Administration tasks consist mostly of incidents, (non)standard changes and monitoring where this blog focusses on monitoring in Office 365. An administrator should proactively monitor the Office 365 environment for alerts and issues. There are a lot of different sources that can trigger an alert where each type of alert should have a process attached to it (there may be additional sources that an administrator should look at, please let me know in a comment or mail and I will update this post). An administrator should for example know who to contact when a DLP alert occurred.

Administration tasks can be categorized in for example daily, weekly and biweekly but this depends on the governance and policy of the organization.

Daily

Daily tasks are mostly tasks that needs to be acted on directly. These are mostly alerts or notifications that are sent to for example a shared mailbox. Processes should be in place to describe the correct way to follow up on the different notifications or alerts.

Service health report

The service health report provided by Microsoft shows incidents and advisories for the different functionalities or products in Office 365. It is possible to build a dashboard in Azure or Power BI that shows this information on a TV screen as you normally won’t notice this until an user reports an issue. The direct link is https://admin.microsoft.com/Adminportal/Home#/servicehealth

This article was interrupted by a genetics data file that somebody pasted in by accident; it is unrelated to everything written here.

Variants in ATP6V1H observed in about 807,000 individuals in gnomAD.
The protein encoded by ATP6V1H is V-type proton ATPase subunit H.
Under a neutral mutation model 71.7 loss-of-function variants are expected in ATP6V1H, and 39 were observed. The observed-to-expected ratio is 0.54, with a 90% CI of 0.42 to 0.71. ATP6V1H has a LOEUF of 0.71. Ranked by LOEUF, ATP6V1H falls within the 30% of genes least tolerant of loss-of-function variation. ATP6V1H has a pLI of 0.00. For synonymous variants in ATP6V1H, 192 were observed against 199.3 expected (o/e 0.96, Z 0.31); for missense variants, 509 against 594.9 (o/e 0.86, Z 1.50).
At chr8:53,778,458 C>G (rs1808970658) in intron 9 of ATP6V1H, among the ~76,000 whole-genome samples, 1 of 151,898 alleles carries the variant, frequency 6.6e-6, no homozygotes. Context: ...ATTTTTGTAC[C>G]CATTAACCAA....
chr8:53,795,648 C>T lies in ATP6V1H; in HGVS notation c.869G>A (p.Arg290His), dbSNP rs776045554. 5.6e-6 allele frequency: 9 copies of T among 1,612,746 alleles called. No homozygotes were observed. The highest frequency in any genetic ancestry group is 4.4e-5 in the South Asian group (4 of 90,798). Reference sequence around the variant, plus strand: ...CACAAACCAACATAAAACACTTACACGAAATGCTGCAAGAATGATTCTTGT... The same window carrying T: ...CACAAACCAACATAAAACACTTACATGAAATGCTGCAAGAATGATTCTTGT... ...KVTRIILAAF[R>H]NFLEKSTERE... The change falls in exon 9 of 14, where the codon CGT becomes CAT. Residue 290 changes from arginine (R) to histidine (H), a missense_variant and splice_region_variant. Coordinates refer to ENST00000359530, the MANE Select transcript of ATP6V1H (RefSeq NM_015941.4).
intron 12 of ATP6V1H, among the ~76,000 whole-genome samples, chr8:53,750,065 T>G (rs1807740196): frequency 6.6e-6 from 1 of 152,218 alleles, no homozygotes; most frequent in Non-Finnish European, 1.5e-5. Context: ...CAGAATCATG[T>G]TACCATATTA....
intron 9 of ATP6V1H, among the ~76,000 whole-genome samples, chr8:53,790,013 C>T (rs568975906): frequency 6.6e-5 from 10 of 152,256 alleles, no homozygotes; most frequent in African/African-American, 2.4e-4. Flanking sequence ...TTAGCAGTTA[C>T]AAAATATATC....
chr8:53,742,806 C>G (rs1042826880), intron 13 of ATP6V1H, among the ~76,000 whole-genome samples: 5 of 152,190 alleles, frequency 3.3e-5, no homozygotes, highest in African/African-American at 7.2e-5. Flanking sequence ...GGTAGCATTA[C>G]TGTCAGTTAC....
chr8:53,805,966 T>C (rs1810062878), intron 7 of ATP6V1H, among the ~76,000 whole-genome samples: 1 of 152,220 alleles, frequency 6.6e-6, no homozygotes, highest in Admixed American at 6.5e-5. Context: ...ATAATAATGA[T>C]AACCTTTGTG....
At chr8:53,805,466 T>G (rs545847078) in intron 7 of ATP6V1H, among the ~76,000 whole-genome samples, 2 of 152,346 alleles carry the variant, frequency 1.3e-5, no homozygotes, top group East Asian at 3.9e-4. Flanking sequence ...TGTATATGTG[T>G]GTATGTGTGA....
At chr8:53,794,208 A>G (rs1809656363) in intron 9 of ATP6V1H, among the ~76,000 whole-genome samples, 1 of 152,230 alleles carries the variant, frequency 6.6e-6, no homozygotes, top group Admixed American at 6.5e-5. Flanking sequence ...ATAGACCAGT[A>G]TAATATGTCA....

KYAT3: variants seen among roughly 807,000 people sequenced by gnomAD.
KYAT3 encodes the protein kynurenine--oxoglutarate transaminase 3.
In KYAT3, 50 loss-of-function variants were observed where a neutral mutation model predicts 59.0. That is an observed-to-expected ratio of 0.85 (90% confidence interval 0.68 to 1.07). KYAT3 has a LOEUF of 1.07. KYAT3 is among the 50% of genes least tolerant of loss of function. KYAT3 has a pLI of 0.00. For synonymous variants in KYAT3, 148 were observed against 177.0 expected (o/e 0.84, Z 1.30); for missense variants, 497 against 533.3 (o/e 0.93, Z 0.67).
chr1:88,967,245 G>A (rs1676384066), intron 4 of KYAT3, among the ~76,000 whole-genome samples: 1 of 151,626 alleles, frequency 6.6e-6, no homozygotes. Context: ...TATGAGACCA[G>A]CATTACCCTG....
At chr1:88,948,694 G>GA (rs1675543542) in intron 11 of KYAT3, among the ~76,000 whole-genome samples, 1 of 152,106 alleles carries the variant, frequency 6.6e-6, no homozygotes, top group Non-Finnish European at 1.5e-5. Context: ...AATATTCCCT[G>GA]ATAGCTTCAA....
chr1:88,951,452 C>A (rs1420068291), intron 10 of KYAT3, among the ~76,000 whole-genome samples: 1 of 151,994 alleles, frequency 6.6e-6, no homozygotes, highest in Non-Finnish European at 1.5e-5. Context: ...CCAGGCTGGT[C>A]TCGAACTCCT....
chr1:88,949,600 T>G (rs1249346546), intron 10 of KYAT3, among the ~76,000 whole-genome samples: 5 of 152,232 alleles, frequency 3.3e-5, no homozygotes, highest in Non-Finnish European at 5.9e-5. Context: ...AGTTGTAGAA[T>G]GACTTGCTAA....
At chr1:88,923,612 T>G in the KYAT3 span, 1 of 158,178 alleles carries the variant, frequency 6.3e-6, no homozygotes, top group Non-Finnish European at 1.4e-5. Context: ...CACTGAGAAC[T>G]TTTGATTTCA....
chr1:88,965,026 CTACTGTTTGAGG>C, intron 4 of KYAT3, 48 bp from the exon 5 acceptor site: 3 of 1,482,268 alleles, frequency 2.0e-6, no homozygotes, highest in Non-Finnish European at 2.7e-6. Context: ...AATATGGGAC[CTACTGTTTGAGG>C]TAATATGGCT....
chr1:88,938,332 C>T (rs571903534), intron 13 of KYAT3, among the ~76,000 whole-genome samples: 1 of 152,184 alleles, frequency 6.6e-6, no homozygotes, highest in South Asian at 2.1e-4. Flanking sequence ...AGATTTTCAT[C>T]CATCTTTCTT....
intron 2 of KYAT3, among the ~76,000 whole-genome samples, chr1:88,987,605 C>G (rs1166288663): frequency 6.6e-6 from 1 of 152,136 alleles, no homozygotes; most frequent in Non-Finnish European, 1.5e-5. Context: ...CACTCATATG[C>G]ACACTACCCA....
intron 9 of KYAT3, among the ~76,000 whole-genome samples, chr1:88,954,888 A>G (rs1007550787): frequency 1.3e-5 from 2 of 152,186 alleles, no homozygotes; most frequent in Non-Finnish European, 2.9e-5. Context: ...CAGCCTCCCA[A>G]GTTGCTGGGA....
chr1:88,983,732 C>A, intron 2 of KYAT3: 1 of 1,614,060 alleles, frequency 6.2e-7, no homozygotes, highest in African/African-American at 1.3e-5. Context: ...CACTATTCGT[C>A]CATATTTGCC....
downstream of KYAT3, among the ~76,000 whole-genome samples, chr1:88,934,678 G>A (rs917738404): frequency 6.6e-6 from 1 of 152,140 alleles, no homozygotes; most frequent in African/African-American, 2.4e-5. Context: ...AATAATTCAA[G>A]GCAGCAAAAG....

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It is currently possible to schedule an alert when you are in the targeted release group. This means you will instantly receive an alert when an incident or advisory has been added. You can schedule this at the same location where you will receive a “Preference” button.

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Notifications should be acted on based on a documented process.

Message center

The message center gives you a high-level overview of a planned change and how it may affect your users, and links out to more detailed information to help you prepare. The direct link is https://admin.microsoft.com/Adminportal/Home#/MessageCenter

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Messages should be read at least weekly, but it is also possible to schedule notifications with major updates or data privacy messages.

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Security & Compliance alerts

It depends on the license what you will see but there is an admin portal for security, an admin portal for compliance and an admin portal for security & compliance. The actual alerts are stored at the security & compliance center with the direct link of https://protection.office.com/viewalerts.

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These are alerts of anomalies in for example SharePoint Online and Exchange Online and you can create your own alerts. Each policy will by default be sent to administrators but you can also add a custom mail address by editing each alert policy.

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There may be false positives so you will have to tweak the alerts to your preferences, but each alert should be acted on and set to solved in the portal.